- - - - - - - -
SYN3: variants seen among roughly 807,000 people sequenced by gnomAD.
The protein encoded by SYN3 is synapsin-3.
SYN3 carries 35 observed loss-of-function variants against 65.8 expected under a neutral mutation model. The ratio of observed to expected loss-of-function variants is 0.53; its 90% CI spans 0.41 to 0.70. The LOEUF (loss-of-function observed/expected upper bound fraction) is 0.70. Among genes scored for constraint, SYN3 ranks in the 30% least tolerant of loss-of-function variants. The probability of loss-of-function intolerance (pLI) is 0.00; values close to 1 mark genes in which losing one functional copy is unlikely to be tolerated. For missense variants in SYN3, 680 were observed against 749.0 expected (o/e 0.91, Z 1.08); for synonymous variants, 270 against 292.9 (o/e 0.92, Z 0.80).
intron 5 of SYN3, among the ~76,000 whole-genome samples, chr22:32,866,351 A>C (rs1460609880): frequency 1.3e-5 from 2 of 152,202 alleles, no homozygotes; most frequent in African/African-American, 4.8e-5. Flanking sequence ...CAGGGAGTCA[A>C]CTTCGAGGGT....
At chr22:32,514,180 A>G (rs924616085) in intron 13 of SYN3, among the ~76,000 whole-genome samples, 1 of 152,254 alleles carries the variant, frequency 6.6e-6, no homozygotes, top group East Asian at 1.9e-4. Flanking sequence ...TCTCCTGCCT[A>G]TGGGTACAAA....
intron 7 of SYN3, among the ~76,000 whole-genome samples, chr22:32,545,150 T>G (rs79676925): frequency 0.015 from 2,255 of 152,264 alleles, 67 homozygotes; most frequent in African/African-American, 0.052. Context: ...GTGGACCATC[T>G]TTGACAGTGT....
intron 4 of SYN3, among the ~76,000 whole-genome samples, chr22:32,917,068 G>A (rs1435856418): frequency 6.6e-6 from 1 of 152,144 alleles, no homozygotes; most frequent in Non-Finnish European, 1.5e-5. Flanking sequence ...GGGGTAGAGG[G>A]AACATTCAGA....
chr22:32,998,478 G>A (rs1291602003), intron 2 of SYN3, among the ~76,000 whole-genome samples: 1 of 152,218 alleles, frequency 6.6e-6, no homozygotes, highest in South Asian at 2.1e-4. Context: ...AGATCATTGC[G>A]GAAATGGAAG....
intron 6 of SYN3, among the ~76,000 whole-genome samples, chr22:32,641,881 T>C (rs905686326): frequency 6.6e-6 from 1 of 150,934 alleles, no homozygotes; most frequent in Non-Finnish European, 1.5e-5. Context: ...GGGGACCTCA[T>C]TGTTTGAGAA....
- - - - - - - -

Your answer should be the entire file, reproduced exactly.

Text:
SYN3: variants seen among roughly 807,000 people sequenced by gnomAD.
The protein encoded by SYN3 is synapsin-3.
SYN3 carries 35 observed loss-of-function variants against 65.8 expected under a neutral mutation model. The ratio of observed to expected loss-of-function variants is 0.53; its 90% CI spans 0.41 to 0.70. The LOEUF (loss-of-function observed/expected upper bound fraction) is 0.70. Among genes scored for constraint, SYN3 ranks in the 30% least tolerant of loss-of-function variants. The probability of loss-of-function intolerance (pLI) is 0.00; values close to 1 mark genes in which losing one functional copy is unlikely to be tolerated. For missense variants in SYN3, 680 were observed against 749.0 expected (o/e 0.91, Z 1.08); for synonymous variants, 270 against 292.9 (o/e 0.92, Z 0.80).
intron 5 of SYN3, among the ~76,000 whole-genome samples, chr22:32,866,351 A>C (rs1460609880): frequency 1.3e-5 from 2 of 152,202 alleles, no homozygotes; most frequent in African/African-American, 4.8e-5. Flanking sequence ...CAGGGAGTCA[A>C]CTTCGAGGGT....
At chr22:32,514,180 A>G (rs924616085) in intron 13 of SYN3, among the ~76,000 whole-genome samples, 1 of 152,254 alleles carries the variant, frequency 6.6e-6, no homozygotes, top group East Asian at 1.9e-4. Flanking sequence ...TCTCCTGCCT[A>G]TGGGTACAAA....
intron 7 of SYN3, among the ~76,000 whole-genome samples, chr22:32,545,150 T>G (rs79676925): frequency 0.015 from 2,255 of 152,264 alleles, 67 homozygotes; most frequent in African/African-American, 0.052. Context: ...GTGGACCATC[T>G]TTGACAGTGT....
intron 4 of SYN3, among the ~76,000 whole-genome samples, chr22:32,917,068 G>A (rs1435856418): frequency 6.6e-6 from 1 of 152,144 alleles, no homozygotes; most frequent in Non-Finnish European, 1.5e-5. Flanking sequence ...GGGGTAGAGG[G>A]AACATTCAGA....
chr22:32,998,478 G>A (rs1291602003), intron 2 of SYN3, among the ~76,000 whole-genome samples: 1 of 152,218 alleles, frequency 6.6e-6, no homozygotes, highest in South Asian at 2.1e-4. Context: ...AGATCATTGC[G>A]GAAATGGAAG....
intron 6 of SYN3, among the ~76,000 whole-genome samples, chr22:32,641,881 T>C (rs905686326): frequency 6.6e-6 from 1 of 150,934 alleles, no homozygotes; most frequent in Non-Finnish European, 1.5e-5. Context: ...GGGGACCTCA[T>C]TGTTTGAGAA....